2017-02-08 04:57:50 UTC
"Now, a few months into the detector's second "advanced" run, team members are scrambling to predict what the signals will look like from even weirder things, so we can recognise what they are coming from when we glimpse them. "We're making a big pile of data, which is what astronomers do, and then we're playing this taxonomy game," Shane Larson of Northwestern University in Evanston, Illinois, told New Scientist at the APS meeting at the end of last month. "We go through all the phenomena in space that people have looked at, and we ask 'Could we get a gravitational wave signal from that? Sure! This is what it might look like. This is what we could learn.'" LIGO's second run began on 30 November 2016. On 28 January, the team announced that it had seen two event candidates so far, which matches the expected rate of about one per month. If they turn out to be real events, they will probably be more gravitational waves from merging black holes."
Now LIGO conspirators are going to fake gravitational waves from already observed phenomena. Faking non-black hole, e.g. neutron star, gravitational waves has been dangerous so far - imagine LIGO conspirators stunning the gullible world, getting more millions of dollars, and then INTEGRAL saying no such collision has been detected by their telescopes!
Needless to say, the new hoax needs a lot of rehearsal which will take time, so in the meantime LIGO conspirators will continue to fool the gullible world in the old way - only black hole gravitational waves will be "discovered" (INTEGRAL cannot expose the fraud). LIGO conspirators are perfect at "discovering" black hole gravitational waves - the dress rehearsal took place in 2010:
"Finally, how do you know you are doing something correctly if you have never done it before? That was a concerning question during Initial LIGO since we had never detected a gravitational wave before. How do we know our data analyses are not missing them? And, when we do detect one, how do we know that the science we have extracted from the signal is reliable? The answer is to do a blind injection test where only a select few expert administrators are able to put a fake signal in the data, maintaining strict confidentiality. They did just that in the early morning hours of 16 September 2010. Automated data analyses alerted us to an extraordinary event within eight minutes of data collection, and within 45 minutes we had our astronomer colleagues with optical telescopes imaging the area we estimated the gravitational wave to have come from. Since it came from the direction of the Canis Major constellation, this event picked up the nickname of the "Big Dog Event". For months we worked on vetting this candidate gravitational wave detection, extracting parameters that described the source, and even wrote a paper. Finally, at the next collaboration meeting, after all the work had been cataloged and we voted unanimously to publish the paper the next day. However, it was revealed immediately after the vote to be an injection and that our estimated parameters for the simulated source were accurate. Again, there was no detection, but we learned a great deal about our abilities to know when we detected a gravitational wave and that we can do science with the data. This became particularly useful starting in September 2015."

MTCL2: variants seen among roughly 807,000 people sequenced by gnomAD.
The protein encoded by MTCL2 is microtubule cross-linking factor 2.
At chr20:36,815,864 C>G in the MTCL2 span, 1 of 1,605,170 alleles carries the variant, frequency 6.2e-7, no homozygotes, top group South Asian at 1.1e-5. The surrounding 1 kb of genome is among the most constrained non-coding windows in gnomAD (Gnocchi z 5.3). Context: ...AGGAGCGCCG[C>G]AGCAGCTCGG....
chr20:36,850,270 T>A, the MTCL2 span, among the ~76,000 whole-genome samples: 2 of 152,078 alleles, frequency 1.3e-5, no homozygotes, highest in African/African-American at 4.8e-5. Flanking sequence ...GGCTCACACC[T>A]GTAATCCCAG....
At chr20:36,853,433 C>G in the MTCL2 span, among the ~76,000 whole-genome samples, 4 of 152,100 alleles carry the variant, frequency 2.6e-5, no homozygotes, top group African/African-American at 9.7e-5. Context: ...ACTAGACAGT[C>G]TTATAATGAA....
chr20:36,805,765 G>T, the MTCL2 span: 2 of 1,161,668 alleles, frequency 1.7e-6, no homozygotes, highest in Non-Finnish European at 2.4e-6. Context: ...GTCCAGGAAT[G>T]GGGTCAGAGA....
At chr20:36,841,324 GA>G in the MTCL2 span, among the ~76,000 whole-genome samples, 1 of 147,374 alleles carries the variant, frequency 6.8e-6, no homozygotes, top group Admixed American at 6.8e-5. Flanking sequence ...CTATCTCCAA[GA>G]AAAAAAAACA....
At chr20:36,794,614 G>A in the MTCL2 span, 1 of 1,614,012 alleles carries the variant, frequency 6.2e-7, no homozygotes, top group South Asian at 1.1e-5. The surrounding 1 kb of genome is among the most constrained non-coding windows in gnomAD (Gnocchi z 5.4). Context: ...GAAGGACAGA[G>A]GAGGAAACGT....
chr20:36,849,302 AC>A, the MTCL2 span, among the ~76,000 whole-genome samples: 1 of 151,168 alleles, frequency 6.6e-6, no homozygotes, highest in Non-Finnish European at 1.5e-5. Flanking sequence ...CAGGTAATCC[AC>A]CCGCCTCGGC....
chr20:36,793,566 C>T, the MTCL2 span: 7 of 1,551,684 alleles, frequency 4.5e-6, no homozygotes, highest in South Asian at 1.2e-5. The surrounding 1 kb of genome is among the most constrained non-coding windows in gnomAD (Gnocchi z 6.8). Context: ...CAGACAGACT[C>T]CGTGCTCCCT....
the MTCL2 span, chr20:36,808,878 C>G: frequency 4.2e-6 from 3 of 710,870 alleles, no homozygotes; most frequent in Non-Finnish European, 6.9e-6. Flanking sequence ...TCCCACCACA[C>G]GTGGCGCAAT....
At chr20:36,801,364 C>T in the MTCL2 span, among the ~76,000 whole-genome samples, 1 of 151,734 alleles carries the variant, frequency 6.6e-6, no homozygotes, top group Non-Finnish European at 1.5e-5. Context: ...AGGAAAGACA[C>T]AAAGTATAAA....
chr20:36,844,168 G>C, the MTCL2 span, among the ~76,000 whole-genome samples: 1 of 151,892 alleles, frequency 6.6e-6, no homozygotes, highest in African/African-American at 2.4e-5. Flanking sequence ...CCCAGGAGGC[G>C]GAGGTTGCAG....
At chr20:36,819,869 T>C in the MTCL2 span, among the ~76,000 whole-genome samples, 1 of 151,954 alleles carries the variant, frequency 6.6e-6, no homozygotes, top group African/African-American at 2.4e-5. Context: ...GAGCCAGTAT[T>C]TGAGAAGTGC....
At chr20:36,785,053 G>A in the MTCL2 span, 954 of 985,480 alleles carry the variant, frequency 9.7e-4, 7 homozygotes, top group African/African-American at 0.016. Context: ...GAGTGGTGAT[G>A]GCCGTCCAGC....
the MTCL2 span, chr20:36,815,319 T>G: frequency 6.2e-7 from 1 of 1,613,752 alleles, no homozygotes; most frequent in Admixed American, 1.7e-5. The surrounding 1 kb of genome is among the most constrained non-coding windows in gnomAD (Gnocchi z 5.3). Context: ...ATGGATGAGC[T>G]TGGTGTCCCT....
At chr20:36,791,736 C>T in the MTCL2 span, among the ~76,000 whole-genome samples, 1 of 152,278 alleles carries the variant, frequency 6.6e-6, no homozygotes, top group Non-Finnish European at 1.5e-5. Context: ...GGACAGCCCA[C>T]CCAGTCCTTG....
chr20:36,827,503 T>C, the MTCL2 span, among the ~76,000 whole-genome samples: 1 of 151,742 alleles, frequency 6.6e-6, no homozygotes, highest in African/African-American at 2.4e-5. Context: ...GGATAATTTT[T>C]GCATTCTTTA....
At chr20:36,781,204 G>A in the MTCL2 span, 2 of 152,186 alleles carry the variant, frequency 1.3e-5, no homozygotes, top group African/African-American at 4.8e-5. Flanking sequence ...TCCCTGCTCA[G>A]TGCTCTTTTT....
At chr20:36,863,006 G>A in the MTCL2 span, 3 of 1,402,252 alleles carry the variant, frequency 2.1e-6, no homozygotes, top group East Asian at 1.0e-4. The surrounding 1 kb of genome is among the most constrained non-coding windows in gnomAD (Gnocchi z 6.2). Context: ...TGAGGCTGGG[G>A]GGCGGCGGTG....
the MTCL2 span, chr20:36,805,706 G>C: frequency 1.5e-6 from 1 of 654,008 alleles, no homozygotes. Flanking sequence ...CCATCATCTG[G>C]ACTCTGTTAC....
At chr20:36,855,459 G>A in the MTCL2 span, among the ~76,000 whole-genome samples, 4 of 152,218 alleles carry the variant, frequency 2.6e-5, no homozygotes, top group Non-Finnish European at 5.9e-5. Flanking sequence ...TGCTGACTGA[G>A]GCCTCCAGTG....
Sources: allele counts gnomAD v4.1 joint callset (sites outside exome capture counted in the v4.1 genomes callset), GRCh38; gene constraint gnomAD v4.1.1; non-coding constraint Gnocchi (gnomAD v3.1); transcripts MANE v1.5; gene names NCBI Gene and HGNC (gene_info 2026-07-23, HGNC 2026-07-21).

Note that in 2010 "a select few expert administrators" deceived everybody, misled astronomers into wasting time and money on the fake, and "this became particularly useful starting in September 2015"!
Compared to LIGO conspirators, Eddington and his gang were amateur fraudsters:
"Consider the case of astronomer Walter Adams. In 1925 he tested Einstein's theory of relativity by measuring the red shift of the binary companion of Sirius, brightest star in the sky. Einstein's theory predicted a red shift of six parts in a hundred thousand; Adams found just such an effect. A triumph for relativity. However, in 1971, with updated estimates of the mass and radius of Sirius, it was found that the predicted red shift should have been much larger – 28 parts in a hundred thousand. Later observations of the red shift did indeed measure this amount, showing that Adams' observations were flawed. He "saw" what he had expected to see."
"In January 1924 Arthur Eddington wrote to Walter S. Adams at the Mt. Wilson Observatory suggesting a measurement of the "Einstein shift" in Sirius B and providing an estimate of its magnitude. Adams' 1925 published results agreed remarkably well with Eddington's estimate. Initially this achievement was hailed as the third empirical test of General Relativity (after Mercury's anomalous perihelion advance and the 1919 measurement of the deflection of starlight). It has been known for some time that both Eddington's estimate and Adams' measurement underestimated the true Sirius B gravitational redshift by a factor of four."
"...Eddington asked Adams to attempt the measurement. [...] ...Adams reported an average differential redshift of nineteen kilometers per second, very nearly the predicted gravitational redshift. Eddington was delighted with the result... [...] In 1928 Joseph Moore at the Lick Observatory measured differences between the redshifts of Sirius and Sirius B... [...] ...the average was nineteen kilometers per second, precisely what Adams had reported. [...] More seriously damaging to the reputation of Adams and Moore is the measurement in the 1960s at Mount Wilson by Jesse Greenstein, J.Oke, and H.Shipman. They found a differential redshift for Sirius B of roughly eighty kilometers per second."